By my last session, it was quite normal to be wearing only disposable underwear while surrendering to a regime of pummelling, fruity unctions and cleansing cups of herbal tea.
On Day Two I had more firsts.
Saffiere had entered into the spirit of my spa-a-thon, deciding that I in turn should enter into the spirit of the resort's daily wellness program. She packed me off to an 8am yoga session, which helped with the muscle aches from yesterday's hammering. After that she sent me up a towering column of limestone, where in the shadow of a curly-roofed temple, looking down on stands of bamboo and acres of Da Nang suburbs, I had to do half an hour of tai chi.
The on-table program didn't let up either. Four hours of therapy spread over the afternoon and night, though mercifully Chao and Minh concentrated on face, scalp and hands.
At one point I realised I've never had to stay still and quiet for so long. And while Asian massage is the stuff of The World of Suzie Wong and The Virgin Soldiers (and I thought of both films when Van climbed onto my back so she could use the brute strength of her elbows and knees), I soon realised that my detoxed blood was flowing to only one part of me: my brain.
The time ebbed and flowed on a syrupy current of ideas, memories and plans - until, that is, I was rendered semi-conscious again.
There was only one slight complication to my program, and that was trying to fit in lunch. Fusion Maia's two restaurants had brilliant menus, but I soon learnt it was best not to get bloated before getting horizontal - a mud wrap session was beset with fears of turning myself into Rotorua.
Day Three saw a final two hours packed into a morning plus another yoga session, a Happiness Workshop and a very pleasant Wellness Consultation in which I was encouraged by Bhavini to think how I could up the wellness ante at home. (Recommendation: do more yoga for mental stillness and improved suppleness.)
At 3pm, I boarded the free shuttle and alighted in Hoi An, where I sat myself at a riverside bar to enjoy a tableau that was sparklingly, joyously Asian - a thing of boats, woodsmoke, strange fruit and constant noise.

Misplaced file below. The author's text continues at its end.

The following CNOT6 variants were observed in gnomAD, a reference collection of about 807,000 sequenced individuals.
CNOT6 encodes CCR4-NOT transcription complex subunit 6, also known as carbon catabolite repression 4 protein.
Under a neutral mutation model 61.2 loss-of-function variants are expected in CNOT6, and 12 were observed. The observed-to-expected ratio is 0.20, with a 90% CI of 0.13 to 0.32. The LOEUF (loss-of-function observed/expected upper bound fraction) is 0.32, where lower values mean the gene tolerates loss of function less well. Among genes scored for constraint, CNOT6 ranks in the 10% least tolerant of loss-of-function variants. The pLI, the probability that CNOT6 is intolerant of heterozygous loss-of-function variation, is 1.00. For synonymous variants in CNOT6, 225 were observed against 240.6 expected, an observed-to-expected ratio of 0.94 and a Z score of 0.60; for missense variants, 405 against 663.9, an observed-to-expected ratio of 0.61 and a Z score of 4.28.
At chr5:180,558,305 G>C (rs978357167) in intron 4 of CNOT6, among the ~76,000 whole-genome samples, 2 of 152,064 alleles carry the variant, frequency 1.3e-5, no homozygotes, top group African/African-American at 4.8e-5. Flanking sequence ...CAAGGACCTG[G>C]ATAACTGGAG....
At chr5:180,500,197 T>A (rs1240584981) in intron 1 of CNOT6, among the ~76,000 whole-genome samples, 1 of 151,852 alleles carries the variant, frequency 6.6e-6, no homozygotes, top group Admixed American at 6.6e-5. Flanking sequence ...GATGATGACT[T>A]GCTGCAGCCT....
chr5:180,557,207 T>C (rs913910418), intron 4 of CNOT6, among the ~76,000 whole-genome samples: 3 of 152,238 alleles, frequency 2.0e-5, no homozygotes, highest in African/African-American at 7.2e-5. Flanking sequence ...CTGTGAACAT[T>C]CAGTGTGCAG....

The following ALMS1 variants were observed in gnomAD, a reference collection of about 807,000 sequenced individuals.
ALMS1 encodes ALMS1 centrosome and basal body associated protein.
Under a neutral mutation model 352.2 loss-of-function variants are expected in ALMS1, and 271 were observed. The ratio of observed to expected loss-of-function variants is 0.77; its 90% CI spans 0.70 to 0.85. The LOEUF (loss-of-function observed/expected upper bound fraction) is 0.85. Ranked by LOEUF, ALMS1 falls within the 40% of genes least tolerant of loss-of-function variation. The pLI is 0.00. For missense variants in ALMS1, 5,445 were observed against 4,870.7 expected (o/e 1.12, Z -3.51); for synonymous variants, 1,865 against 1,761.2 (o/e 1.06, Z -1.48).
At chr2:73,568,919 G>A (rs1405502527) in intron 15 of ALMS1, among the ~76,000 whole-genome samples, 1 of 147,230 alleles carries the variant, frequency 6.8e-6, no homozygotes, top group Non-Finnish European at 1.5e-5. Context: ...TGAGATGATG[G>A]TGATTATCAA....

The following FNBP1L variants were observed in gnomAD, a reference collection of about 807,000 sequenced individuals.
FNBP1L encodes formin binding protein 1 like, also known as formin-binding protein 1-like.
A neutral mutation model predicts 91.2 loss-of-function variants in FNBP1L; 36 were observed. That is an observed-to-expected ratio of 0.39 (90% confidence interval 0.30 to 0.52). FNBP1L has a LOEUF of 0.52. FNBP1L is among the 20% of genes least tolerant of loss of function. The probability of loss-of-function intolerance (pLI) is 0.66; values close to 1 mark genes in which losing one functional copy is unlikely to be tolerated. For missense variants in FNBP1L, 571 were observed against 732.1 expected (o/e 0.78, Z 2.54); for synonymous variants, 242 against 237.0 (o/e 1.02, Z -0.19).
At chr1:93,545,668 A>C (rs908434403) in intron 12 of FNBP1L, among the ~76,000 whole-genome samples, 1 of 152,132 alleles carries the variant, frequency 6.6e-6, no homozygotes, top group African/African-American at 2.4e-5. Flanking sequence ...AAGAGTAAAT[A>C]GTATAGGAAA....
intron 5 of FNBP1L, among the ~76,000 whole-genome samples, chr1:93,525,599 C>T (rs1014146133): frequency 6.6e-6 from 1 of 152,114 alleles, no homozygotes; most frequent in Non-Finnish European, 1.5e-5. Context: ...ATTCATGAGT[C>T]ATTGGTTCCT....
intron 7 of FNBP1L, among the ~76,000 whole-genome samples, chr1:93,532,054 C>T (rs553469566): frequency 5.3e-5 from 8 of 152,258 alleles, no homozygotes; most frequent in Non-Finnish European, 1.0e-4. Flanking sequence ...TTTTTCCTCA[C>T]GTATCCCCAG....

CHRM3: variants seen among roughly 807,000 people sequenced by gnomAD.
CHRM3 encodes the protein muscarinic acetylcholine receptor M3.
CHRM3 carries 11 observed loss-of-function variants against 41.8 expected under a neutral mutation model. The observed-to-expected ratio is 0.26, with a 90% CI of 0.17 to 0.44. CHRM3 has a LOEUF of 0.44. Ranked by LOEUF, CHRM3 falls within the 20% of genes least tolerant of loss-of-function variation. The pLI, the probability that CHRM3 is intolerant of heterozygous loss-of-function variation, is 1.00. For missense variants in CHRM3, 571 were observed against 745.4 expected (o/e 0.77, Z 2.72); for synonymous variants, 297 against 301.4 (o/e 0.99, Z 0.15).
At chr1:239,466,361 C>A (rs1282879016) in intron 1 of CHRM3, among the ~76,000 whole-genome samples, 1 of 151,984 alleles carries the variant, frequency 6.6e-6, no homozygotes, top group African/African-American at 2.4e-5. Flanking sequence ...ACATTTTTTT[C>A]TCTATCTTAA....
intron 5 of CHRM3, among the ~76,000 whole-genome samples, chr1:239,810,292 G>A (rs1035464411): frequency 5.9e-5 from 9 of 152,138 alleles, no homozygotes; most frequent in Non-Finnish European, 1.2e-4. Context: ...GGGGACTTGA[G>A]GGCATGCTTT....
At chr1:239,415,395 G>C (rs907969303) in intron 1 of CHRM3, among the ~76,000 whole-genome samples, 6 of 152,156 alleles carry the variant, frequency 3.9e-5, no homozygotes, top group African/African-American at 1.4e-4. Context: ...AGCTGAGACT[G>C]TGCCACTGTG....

Within my bubble of stillness, I'd had a total of 11 hours of massages and spa treatments, excluding the yoga and wellness programs, that would have cost between $1500 and $2000 in an Australian resort.
So is there such a thing as too much spa? There probably is, but I never found the limit. Indeed, I felt detoxed, balanced, fragranced, smoothed, invigorated, rejuvenated, yinned and yanged, and best of all, buoyed by meeting energetic people who delighted in helping guests to unwind and feel good about themselves.
I only needed one thing to make my world complete. "I'll start with a large beer, please," I said. "And don't spare the toxins."
The writer travelled as a guest of Fusion Maia, Da Nang and Flight Centre.
Singapore Airlines has a fare to Da Nang for about $950 low-season return from Sydney and Melbourne. Fly to Singapore (about 8hr) and then to Da Nang (2hr 45min). See www.singaporeair.com. Australians require a visa for a stay of up to 30 days.
A spa villa for two people costs $US390-$US425 a night, twin share. Includes breakfast (all day), all spa treatments (at least two a day a person) and shuttle service to Hoi An. Half-board package (lunch or dinner) $US35 a person; full board $65 a person.